Just as in the U.S., Australia is readying itself for big changes to its skilled labor immigration. While President Trump’s immigration reform, dubbed “Buy American, Hire American” requires several agencies, including the Departments of State, Labor, Justice and Homeland Security, to tighten restrictions on H-1B visas here, Australia’s Turnbull administration is taking similar steps to protect jobs for citizens there.
On April 18th, Peter Dutton, the Minister for Immigration and Border Protection, along with Prime Minister Turnbull, announced the termination of the Subclass 457 Visa for foreign workers, to be replaced by the Temporary Skill Shortage Visa. The new visa will consist of two tracks – short-term and medium-term placement, depending on the applicant’s skill level and the country’s areas of critical employment shortages. Turnbull’s goal is for full implementation of the new system by March of 2018.
The newly introduced regulations mandate a number of changes, which are intended to promote greater employment of Australian citizens and less displacement by foreign visa holders. Today’s unemployment rate in Australia sits at 5.8 percent, which is higher than in recent years, with the exception of 2014. According to Turnbull, Bill Shorten, current leader of the Opposition Party, had allowed too many immigrants to enter the country – over 110,000 in 2013 – many of whom claimed low-skilled positions that could have gone to the Australian unemployed.
One of the major changes is a sharp reduction in the list of eligible occupations to include only the most skilled jobs – an elimination of some 200 occupations. A sampling of the newly excluded occupations include seemingly high-skill jobs like biotechnologist, geophysicist, and intellectual property lawyer, along with lower-skill jobs, such as actor, tailor and metal polisher. Among other restrictions, the new visa requirements include the following.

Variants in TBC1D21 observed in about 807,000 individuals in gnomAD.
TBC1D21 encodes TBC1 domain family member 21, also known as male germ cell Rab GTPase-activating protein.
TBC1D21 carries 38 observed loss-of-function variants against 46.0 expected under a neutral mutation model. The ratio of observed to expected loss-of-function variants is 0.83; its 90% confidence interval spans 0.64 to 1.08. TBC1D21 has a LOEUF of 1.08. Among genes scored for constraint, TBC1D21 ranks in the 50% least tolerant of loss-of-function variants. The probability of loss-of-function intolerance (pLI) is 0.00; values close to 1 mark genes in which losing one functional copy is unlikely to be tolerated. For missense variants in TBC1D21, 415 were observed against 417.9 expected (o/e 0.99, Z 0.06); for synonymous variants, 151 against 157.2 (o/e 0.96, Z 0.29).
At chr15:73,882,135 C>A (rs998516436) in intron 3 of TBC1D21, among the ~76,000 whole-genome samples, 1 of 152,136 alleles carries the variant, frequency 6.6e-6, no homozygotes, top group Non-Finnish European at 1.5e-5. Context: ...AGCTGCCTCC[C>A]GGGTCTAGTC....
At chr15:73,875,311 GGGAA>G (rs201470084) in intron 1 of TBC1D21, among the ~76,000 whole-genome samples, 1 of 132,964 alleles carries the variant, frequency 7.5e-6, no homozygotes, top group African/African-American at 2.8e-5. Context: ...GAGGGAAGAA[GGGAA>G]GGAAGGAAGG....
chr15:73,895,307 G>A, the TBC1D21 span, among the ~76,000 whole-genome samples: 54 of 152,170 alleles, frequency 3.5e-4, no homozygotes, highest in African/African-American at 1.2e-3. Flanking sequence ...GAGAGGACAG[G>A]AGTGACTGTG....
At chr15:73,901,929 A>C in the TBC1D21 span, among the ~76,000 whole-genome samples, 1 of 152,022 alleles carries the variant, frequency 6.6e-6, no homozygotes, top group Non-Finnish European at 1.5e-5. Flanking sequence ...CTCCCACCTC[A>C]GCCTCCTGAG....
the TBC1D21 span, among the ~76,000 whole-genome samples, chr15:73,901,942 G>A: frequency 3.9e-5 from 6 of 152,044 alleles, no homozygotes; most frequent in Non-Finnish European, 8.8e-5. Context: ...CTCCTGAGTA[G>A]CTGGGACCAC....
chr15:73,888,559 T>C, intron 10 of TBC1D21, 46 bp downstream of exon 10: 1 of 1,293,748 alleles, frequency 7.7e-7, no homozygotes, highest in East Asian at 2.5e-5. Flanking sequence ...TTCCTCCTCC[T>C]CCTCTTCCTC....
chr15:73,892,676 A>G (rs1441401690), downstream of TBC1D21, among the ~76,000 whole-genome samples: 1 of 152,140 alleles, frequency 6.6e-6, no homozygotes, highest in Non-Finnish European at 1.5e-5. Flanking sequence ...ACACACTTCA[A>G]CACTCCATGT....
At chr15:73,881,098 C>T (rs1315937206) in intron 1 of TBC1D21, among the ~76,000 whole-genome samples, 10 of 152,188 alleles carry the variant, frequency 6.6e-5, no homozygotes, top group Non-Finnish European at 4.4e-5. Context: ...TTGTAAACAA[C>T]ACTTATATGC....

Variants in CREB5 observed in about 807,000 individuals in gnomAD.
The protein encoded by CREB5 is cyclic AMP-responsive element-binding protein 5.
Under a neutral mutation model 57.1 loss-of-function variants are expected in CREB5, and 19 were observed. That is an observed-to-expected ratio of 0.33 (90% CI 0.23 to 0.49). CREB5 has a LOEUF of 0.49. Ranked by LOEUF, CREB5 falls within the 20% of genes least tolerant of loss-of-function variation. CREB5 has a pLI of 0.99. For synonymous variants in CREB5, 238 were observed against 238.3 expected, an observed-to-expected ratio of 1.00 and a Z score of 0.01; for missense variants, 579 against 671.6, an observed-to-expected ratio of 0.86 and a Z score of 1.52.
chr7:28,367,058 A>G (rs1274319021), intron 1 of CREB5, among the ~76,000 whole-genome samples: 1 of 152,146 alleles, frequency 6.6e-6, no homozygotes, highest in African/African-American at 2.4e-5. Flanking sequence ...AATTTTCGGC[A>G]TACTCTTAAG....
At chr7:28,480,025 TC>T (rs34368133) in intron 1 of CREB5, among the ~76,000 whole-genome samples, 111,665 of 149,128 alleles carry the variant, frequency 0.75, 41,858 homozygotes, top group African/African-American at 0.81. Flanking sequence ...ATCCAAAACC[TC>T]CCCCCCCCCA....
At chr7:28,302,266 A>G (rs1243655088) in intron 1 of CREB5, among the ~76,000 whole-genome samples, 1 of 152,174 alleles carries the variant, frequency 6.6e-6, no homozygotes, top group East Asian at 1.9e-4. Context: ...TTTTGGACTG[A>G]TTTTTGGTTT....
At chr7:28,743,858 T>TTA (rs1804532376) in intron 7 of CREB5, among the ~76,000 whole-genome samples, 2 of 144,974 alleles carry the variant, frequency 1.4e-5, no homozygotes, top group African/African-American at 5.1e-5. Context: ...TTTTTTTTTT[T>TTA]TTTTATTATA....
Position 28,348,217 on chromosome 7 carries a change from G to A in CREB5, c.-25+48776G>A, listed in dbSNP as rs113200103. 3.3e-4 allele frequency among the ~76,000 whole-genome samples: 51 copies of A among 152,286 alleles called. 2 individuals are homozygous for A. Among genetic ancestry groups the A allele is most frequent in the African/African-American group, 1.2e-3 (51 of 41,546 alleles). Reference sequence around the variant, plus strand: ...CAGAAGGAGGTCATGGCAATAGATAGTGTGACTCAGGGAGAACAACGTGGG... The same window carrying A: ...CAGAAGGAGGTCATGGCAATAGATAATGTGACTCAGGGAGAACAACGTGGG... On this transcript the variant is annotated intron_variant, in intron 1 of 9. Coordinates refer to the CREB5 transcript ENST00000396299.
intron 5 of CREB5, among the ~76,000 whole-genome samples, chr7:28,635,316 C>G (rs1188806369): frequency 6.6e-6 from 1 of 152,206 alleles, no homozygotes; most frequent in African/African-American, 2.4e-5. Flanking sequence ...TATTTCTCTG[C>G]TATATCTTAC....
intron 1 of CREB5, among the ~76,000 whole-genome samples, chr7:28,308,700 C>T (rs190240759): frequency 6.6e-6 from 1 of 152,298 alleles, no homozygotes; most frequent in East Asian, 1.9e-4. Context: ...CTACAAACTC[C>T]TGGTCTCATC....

- Two years of prior work experience
- Criminal background checks
- Higher English language proficiency
- Greater training obligations for Australian citizens
- Harsher scrutiny of salaries offered to foreign workers
- Increases in sponsorship costs by up to 100%
As with President Trump, Prime Minister Turnbull of Australia’s Liberal-National coalition, rode to victory in September 2015 with the promise that he would strengthen the country’s borders and crack down on those entering the country illegally and the skilled labor immigration program. Since his April 18th visa reform announcement, Opposition Leader Shorten has called for even more stringent regulations, with the promise to increase employer fees to sponsor foreign workers from $2,400 under Prime Minister Turnbull’s plan to $6,400 per employee. The additional revenue generated would contribute to a new “SkillUP Training Fund” that will help deliver new skills and training for Australian workers. The Labor party would also establish a new SMART Visa, intended to attract world leaders in science, medicine, academia, research and technology, which will help the country stay on the cutting edge of new technologies.
While it is too soon to know how the rules affecting skilled labor immigration will affect the Australian economy in the long run, it is clear that the country means business in allocating scarce jobs to protect their own. The Indian Prime Minister, Narendra Modi, whose country leads the charge for skilled labor visas, has reportedly already appealed to Turnbull for greater leniency, with the hope that his country can avoid its own unemployment problem.
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